Interesting article on Shetland culture and identity from Bella Caledonia.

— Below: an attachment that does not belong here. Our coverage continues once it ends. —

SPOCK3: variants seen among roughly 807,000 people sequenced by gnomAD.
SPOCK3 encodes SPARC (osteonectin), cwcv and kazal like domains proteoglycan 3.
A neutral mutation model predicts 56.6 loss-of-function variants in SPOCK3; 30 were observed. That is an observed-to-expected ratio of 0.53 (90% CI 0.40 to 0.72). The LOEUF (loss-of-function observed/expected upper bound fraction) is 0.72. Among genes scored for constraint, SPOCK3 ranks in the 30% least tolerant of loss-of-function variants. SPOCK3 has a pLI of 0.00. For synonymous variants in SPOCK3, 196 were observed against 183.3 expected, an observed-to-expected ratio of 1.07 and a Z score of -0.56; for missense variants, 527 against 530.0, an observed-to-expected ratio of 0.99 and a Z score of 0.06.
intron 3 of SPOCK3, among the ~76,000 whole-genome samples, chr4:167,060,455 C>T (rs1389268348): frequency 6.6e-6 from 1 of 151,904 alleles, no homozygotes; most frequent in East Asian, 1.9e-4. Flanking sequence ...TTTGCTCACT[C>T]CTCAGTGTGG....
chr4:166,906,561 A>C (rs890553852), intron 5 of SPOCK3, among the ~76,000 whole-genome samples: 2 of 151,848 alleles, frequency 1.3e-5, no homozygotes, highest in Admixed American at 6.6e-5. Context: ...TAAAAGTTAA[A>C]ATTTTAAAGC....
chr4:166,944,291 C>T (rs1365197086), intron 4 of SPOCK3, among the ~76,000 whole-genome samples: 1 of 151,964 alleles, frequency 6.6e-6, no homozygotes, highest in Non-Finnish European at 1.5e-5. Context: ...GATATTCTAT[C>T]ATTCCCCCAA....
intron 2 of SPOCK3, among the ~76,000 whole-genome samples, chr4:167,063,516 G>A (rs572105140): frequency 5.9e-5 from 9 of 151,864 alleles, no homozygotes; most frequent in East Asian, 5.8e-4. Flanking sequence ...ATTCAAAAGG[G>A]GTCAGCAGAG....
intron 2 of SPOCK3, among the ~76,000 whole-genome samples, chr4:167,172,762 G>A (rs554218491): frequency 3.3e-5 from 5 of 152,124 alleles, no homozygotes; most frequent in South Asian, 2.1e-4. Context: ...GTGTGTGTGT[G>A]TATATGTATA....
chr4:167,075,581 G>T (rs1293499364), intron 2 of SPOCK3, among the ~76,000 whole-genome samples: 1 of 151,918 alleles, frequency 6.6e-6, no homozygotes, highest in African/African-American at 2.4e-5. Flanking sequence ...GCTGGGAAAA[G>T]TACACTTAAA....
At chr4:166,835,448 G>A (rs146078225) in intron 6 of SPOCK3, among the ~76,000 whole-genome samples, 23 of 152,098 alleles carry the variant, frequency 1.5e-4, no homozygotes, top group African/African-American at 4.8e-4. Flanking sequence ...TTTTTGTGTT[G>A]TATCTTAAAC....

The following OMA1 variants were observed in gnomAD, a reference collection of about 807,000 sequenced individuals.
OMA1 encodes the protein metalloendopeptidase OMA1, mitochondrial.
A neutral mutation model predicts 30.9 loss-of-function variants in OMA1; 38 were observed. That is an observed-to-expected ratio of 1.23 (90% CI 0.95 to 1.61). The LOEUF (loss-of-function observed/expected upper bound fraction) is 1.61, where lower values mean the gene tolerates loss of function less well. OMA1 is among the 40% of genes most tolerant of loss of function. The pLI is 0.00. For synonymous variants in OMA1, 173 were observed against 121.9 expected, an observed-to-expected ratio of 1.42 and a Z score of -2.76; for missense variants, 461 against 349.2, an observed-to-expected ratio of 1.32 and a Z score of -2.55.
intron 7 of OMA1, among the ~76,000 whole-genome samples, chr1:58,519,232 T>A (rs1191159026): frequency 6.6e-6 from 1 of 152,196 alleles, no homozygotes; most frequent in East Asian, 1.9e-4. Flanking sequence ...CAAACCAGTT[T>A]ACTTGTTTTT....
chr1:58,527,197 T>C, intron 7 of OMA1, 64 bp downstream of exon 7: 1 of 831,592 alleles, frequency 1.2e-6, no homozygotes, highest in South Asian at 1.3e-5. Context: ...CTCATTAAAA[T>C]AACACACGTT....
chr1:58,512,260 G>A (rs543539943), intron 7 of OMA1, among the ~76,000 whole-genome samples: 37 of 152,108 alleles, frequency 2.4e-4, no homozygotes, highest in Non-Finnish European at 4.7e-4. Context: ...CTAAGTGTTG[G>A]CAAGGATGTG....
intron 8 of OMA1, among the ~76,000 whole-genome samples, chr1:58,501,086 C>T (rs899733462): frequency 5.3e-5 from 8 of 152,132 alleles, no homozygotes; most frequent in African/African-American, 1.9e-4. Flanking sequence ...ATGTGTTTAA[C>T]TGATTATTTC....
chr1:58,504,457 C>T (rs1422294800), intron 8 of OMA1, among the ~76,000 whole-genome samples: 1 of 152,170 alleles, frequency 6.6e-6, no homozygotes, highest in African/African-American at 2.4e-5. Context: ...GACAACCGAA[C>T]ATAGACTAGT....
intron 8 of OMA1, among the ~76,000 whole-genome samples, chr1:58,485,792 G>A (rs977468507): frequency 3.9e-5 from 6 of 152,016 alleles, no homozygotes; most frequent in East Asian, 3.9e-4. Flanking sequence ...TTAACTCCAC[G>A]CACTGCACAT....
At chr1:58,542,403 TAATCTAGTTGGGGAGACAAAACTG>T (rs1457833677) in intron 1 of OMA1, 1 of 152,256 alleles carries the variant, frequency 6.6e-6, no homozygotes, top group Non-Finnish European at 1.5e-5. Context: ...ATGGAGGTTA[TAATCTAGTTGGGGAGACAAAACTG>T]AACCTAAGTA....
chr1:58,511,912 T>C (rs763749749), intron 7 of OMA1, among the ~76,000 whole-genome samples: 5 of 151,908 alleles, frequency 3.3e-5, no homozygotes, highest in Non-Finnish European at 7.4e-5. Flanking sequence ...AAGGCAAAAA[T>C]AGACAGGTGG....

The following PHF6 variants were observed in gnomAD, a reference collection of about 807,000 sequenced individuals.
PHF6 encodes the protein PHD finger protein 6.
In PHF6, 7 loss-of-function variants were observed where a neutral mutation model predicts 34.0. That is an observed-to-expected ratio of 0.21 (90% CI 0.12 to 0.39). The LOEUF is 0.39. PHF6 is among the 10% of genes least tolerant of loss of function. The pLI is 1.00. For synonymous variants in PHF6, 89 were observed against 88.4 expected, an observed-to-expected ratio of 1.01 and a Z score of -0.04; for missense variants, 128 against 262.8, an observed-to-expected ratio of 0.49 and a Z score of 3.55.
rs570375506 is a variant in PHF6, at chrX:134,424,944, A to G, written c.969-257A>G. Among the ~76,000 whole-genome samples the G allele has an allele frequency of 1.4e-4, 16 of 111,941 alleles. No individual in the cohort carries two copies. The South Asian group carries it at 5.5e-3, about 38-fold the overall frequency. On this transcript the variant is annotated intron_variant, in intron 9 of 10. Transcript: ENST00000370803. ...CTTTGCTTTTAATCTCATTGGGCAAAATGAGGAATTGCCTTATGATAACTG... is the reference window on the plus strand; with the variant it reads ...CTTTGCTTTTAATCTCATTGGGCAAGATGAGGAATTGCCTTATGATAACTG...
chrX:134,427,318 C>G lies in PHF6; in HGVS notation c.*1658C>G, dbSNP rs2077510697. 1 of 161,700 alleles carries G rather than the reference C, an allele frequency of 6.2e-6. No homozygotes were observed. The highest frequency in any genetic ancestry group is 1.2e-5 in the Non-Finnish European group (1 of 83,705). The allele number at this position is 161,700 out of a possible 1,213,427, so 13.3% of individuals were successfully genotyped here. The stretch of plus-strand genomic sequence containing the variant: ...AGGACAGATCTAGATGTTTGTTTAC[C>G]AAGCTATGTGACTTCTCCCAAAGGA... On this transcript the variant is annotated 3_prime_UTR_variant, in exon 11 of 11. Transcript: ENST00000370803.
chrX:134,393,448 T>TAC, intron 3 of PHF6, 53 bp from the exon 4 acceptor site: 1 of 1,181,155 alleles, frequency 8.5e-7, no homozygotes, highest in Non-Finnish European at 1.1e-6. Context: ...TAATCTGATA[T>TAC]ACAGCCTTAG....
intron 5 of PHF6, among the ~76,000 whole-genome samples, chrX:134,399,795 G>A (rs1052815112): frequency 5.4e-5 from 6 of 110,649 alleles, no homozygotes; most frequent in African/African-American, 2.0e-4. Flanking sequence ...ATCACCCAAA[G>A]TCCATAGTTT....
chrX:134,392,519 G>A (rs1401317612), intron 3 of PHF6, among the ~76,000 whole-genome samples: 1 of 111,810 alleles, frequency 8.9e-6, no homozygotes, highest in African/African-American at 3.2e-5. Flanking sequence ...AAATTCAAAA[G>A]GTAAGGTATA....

“The pro-independence side would also be wrong, however, in entirely dismissing the role or extent of difference in Shetland. Certain markers of Scottishness simply do not apply in Shetland: beyond the tartan and bagpipes, the use of Gaelic is unhelpful. It is doubly problematic: first, Gaelic has never been spoken in Shetland, raising the suspicion that mainlanders don’t know that, and second, its promotion highlights the lack of attention paid to Shetland’s own native dialect. If mainlanders do know of it, then, they’ve decided that Shetland’s own language tradition is not worthy of a similar place in the isles. I don’t want to join the chorus of hostility about the Gaelic language, nor join the romantic types in reviving the long-dead Norn language. Instead, surely Shetland’s way of speaking now, whether it’s a language or a Norse-inflected dialect of scots, is worthy of respect. Scotland’s civic nationalism is rightly welcoming to all, but also takes note of Gaelic and to a lesser extent Scots. Why can Scottish identity not do the same in Shetland?”